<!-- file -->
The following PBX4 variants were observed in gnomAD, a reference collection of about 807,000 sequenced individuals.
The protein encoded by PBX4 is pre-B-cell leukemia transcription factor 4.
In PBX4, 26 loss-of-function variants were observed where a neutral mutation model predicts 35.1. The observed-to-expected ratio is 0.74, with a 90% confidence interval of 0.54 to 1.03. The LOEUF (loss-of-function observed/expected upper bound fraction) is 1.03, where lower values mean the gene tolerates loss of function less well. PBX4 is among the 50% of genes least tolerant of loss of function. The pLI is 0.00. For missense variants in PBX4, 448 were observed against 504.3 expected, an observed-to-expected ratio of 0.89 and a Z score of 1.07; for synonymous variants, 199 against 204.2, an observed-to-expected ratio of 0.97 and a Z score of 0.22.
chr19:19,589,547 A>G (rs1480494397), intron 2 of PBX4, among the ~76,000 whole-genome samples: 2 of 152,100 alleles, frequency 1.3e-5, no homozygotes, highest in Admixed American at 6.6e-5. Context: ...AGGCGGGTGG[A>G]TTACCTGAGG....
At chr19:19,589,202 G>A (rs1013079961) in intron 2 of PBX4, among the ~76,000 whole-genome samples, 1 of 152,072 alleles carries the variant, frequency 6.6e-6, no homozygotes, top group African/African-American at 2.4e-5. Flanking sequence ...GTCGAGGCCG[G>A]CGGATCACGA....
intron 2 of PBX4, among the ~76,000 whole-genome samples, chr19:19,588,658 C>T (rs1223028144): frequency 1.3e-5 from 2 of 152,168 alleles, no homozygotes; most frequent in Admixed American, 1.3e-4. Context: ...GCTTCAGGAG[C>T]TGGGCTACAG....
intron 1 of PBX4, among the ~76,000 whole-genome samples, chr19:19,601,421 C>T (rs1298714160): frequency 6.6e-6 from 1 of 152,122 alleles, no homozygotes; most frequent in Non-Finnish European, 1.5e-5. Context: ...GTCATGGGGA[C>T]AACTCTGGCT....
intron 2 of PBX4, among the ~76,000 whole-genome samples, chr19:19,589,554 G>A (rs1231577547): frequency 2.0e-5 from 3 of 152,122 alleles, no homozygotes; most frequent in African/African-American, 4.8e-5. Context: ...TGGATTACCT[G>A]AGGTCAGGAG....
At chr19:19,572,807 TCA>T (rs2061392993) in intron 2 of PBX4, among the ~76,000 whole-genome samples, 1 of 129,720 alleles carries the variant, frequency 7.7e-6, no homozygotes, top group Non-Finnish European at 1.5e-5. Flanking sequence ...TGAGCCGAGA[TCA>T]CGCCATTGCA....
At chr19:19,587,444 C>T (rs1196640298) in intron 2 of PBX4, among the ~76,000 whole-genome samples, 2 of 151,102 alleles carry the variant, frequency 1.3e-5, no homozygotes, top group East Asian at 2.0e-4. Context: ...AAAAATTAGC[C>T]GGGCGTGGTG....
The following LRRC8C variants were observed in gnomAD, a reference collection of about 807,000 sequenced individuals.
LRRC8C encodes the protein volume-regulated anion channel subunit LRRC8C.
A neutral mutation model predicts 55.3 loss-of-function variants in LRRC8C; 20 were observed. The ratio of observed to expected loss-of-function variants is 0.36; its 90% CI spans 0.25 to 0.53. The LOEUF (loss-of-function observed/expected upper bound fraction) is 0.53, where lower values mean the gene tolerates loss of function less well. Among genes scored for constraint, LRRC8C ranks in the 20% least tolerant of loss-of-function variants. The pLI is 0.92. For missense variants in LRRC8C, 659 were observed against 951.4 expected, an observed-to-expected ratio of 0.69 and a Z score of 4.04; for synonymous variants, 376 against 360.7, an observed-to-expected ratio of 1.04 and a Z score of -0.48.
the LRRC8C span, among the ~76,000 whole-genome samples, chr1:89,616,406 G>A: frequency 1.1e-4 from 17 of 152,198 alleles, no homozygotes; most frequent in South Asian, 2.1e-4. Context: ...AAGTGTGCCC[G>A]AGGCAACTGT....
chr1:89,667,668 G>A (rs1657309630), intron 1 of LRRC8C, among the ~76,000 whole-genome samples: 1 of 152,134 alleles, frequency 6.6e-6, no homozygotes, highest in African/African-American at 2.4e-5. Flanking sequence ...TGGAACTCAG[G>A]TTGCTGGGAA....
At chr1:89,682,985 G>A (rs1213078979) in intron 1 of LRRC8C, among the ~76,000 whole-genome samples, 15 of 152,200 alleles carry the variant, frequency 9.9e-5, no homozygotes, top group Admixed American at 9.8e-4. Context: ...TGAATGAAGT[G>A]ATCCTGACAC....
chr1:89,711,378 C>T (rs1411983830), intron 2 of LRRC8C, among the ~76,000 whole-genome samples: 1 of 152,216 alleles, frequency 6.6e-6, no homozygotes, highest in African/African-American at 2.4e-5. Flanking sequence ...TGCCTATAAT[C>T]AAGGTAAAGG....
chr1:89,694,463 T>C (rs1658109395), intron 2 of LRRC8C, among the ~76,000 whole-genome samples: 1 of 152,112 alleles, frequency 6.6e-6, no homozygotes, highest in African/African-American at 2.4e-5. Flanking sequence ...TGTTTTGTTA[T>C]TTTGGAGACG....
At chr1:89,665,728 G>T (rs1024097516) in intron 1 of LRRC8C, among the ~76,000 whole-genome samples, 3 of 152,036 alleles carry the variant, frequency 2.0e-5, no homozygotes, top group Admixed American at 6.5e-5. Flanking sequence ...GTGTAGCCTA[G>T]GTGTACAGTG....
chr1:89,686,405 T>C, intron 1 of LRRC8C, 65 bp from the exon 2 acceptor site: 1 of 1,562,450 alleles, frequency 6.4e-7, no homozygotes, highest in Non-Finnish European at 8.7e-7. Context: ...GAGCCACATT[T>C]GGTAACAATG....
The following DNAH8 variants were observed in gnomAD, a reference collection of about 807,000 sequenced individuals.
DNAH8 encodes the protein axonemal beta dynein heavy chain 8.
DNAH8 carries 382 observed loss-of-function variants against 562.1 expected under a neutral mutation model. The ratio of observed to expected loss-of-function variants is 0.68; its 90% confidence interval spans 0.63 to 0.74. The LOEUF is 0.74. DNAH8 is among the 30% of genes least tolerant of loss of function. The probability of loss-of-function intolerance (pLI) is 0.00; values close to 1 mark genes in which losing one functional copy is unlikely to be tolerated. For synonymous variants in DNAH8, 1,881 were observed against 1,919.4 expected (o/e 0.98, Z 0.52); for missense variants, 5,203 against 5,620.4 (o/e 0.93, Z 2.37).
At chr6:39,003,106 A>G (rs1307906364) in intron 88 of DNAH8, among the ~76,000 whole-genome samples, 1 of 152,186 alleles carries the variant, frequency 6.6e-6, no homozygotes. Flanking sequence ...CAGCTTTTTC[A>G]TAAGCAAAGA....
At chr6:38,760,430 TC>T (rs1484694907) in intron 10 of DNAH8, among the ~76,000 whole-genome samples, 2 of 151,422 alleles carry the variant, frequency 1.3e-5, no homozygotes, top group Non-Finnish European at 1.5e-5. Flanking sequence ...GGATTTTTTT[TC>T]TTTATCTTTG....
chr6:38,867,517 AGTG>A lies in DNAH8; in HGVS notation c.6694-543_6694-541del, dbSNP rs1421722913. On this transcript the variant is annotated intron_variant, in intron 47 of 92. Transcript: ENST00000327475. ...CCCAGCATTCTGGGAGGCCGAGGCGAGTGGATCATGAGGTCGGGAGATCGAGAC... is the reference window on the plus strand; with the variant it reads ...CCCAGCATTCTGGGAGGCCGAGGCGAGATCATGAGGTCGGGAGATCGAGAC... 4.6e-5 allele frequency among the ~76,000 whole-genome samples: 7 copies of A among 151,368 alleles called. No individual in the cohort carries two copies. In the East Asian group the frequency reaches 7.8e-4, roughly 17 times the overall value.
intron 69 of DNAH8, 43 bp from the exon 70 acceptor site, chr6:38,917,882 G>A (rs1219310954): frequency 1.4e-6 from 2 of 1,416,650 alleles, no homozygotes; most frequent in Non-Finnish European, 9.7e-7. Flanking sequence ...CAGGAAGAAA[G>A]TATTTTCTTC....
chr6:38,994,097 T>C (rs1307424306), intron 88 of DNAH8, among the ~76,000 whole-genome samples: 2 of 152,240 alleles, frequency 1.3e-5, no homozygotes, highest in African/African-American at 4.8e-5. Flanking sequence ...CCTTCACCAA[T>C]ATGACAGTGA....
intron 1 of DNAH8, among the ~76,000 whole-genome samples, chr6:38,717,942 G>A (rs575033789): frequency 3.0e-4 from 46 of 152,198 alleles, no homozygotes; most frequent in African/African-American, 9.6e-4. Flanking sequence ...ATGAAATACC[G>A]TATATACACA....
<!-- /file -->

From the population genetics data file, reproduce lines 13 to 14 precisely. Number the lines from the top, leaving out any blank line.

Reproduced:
A neutral mutation model predicts 55.3 loss-of-function variants in LRRC8C; 20 were observed. The ratio of observed to expected loss-of-function variants is 0.36; its 90% CI spans 0.25 to 0.53. The LOEUF (loss-of-function observed/expected upper bound fraction) is 0.53, where lower values mean the gene tolerates loss of function less well. Among genes scored for constraint, LRRC8C ranks in the 20% least tolerant of loss-of-function variants. The pLI is 0.92. For missense variants in LRRC8C, 659 were observed against 951.4 expected, an observed-to-expected ratio of 0.69 and a Z score of 4.04; for synonymous variants, 376 against 360.7, an observed-to-expected ratio of 1.04 and a Z score of -0.48.
the LRRC8C span, among the ~76,000 whole-genome samples, chr1:89,616,406 G>A: frequency 1.1e-4 from 17 of 152,198 alleles, no homozygotes; most frequent in South Asian, 2.1e-4. Context: ...AAGTGTGCCC[G>A]AGGCAACTGT....